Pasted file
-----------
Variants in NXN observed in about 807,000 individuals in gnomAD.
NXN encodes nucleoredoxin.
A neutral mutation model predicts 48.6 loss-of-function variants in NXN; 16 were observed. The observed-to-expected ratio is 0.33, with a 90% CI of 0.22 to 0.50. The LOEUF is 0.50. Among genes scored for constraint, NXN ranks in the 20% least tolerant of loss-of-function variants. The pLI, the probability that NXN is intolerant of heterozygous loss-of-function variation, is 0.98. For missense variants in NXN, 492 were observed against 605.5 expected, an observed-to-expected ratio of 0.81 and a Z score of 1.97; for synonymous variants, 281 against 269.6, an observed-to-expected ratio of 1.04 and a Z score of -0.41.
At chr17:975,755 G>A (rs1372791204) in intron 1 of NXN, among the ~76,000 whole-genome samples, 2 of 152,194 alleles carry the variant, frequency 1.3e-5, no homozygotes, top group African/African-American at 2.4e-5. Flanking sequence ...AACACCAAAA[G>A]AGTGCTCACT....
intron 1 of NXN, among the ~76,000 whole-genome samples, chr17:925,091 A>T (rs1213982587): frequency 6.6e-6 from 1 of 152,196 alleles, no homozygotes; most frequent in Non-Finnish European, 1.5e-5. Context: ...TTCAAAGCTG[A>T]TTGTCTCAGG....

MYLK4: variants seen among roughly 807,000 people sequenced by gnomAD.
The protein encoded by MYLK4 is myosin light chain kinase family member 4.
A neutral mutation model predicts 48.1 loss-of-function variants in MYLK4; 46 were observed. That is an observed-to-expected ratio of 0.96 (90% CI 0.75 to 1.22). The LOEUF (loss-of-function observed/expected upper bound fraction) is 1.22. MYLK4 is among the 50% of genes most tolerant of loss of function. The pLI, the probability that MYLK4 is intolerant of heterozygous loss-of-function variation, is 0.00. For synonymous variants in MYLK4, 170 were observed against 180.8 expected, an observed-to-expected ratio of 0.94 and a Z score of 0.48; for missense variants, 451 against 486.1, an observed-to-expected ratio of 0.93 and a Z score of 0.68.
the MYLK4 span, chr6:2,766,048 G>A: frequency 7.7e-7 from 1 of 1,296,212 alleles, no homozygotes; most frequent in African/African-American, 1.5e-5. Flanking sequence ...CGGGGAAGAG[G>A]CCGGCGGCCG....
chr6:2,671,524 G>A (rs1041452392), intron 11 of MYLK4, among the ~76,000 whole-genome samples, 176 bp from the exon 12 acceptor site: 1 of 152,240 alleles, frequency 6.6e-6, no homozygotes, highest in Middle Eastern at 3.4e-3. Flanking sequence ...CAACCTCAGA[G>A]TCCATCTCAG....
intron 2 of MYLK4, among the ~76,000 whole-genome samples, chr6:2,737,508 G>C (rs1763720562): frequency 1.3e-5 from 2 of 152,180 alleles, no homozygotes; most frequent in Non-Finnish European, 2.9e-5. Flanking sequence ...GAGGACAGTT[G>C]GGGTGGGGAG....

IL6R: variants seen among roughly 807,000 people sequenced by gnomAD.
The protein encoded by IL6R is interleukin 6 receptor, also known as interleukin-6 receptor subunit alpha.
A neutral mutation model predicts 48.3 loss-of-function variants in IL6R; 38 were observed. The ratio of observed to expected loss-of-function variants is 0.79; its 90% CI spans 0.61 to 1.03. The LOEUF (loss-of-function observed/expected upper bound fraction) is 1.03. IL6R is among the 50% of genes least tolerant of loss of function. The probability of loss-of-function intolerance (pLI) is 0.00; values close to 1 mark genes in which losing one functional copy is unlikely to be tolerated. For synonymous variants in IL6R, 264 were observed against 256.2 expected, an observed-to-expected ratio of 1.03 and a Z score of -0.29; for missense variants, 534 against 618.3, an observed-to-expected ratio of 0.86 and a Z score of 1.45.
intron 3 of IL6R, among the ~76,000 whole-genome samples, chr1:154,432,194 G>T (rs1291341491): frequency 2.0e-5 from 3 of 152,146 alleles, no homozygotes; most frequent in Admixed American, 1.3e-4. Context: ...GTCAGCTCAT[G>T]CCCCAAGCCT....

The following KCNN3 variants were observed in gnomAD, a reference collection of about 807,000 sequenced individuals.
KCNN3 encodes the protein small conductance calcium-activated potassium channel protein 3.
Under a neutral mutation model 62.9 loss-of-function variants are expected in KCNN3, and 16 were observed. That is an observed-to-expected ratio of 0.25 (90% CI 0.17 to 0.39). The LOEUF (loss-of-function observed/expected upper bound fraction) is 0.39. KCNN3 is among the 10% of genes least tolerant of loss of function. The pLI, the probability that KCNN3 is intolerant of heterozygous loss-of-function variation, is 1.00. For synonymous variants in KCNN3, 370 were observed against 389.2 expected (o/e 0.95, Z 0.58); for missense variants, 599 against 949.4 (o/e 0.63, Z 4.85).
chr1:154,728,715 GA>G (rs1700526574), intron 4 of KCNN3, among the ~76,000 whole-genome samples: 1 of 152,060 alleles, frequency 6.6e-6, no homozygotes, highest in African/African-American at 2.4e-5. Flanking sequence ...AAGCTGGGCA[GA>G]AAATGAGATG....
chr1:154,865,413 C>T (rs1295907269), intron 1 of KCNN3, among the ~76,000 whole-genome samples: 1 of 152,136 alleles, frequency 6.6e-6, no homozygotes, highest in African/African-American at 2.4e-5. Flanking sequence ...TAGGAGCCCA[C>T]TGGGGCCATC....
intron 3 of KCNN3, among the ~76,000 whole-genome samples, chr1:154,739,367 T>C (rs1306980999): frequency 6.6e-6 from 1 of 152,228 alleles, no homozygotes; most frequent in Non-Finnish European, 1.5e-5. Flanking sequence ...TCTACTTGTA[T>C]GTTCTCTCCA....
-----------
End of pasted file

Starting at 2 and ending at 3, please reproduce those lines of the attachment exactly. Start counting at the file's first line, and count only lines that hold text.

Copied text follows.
NXN encodes nucleoredoxin.
A neutral mutation model predicts 48.6 loss-of-function variants in NXN; 16 were observed. The observed-to-expected ratio is 0.33, with a 90% CI of 0.22 to 0.50. The LOEUF is 0.50. Among genes scored for constraint, NXN ranks in the 20% least tolerant of loss-of-function variants. The pLI, the probability that NXN is intolerant of heterozygous loss-of-function variation, is 0.98. For missense variants in NXN, 492 were observed against 605.5 expected, an observed-to-expected ratio of 0.81 and a Z score of 1.97; for synonymous variants, 281 against 269.6, an observed-to-expected ratio of 1.04 and a Z score of -0.41.